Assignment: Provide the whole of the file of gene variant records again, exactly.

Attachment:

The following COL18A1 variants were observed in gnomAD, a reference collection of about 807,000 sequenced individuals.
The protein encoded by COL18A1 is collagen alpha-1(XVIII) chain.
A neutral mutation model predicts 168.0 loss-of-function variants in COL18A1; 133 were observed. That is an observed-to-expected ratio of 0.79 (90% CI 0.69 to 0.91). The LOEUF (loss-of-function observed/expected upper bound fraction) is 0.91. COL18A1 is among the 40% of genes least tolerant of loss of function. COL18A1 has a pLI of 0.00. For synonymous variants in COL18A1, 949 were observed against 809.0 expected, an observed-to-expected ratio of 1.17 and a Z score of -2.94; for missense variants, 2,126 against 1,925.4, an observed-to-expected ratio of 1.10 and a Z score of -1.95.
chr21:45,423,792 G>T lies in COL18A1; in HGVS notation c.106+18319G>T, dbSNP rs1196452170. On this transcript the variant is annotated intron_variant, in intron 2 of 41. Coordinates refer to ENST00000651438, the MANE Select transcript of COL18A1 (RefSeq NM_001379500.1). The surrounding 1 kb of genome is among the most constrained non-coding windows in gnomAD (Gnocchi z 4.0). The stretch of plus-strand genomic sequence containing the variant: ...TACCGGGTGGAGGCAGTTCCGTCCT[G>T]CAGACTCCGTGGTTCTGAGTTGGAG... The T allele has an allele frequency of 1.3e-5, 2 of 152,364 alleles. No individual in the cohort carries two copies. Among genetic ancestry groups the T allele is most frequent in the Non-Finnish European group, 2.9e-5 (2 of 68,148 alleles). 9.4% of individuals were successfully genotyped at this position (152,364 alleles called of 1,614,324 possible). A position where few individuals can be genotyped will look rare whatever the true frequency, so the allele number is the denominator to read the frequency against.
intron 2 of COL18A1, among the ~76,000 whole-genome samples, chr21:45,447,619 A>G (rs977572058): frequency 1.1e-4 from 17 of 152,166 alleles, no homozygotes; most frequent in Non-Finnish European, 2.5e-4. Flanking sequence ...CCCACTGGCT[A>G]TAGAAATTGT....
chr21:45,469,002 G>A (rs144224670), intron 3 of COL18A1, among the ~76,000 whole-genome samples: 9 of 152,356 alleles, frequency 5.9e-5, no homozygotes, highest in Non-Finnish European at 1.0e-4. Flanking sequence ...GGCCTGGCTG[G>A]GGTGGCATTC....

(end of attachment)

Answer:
The following COL18A1 variants were observed in gnomAD, a reference collection of about 807,000 sequenced individuals.
The protein encoded by COL18A1 is collagen alpha-1(XVIII) chain.
A neutral mutation model predicts 168.0 loss-of-function variants in COL18A1; 133 were observed. That is an observed-to-expected ratio of 0.79 (90% CI 0.69 to 0.91). The LOEUF (loss-of-function observed/expected upper bound fraction) is 0.91. COL18A1 is among the 40% of genes least tolerant of loss of function. COL18A1 has a pLI of 0.00. For synonymous variants in COL18A1, 949 were observed against 809.0 expected, an observed-to-expected ratio of 1.17 and a Z score of -2.94; for missense variants, 2,126 against 1,925.4, an observed-to-expected ratio of 1.10 and a Z score of -1.95.
chr21:45,423,792 G>T lies in COL18A1; in HGVS notation c.106+18319G>T, dbSNP rs1196452170. On this transcript the variant is annotated intron_variant, in intron 2 of 41. Coordinates refer to ENST00000651438, the MANE Select transcript of COL18A1 (RefSeq NM_001379500.1). The surrounding 1 kb of genome is among the most constrained non-coding windows in gnomAD (Gnocchi z 4.0). The stretch of plus-strand genomic sequence containing the variant: ...TACCGGGTGGAGGCAGTTCCGTCCT[G>T]CAGACTCCGTGGTTCTGAGTTGGAG... The T allele has an allele frequency of 1.3e-5, 2 of 152,364 alleles. No individual in the cohort carries two copies. Among genetic ancestry groups the T allele is most frequent in the Non-Finnish European group, 2.9e-5 (2 of 68,148 alleles). 9.4% of individuals were successfully genotyped at this position (152,364 alleles called of 1,614,324 possible). A position where few individuals can be genotyped will look rare whatever the true frequency, so the allele number is the denominator to read the frequency against.
intron 2 of COL18A1, among the ~76,000 whole-genome samples, chr21:45,447,619 A>G (rs977572058): frequency 1.1e-4 from 17 of 152,166 alleles, no homozygotes; most frequent in Non-Finnish European, 2.5e-4. Flanking sequence ...CCCACTGGCT[A>G]TAGAAATTGT....
chr21:45,469,002 G>A (rs144224670), intron 3 of COL18A1, among the ~76,000 whole-genome samples: 9 of 152,356 alleles, frequency 5.9e-5, no homozygotes, highest in Non-Finnish European at 1.0e-4. Flanking sequence ...GGCCTGGCTG[G>A]GGTGGCATTC....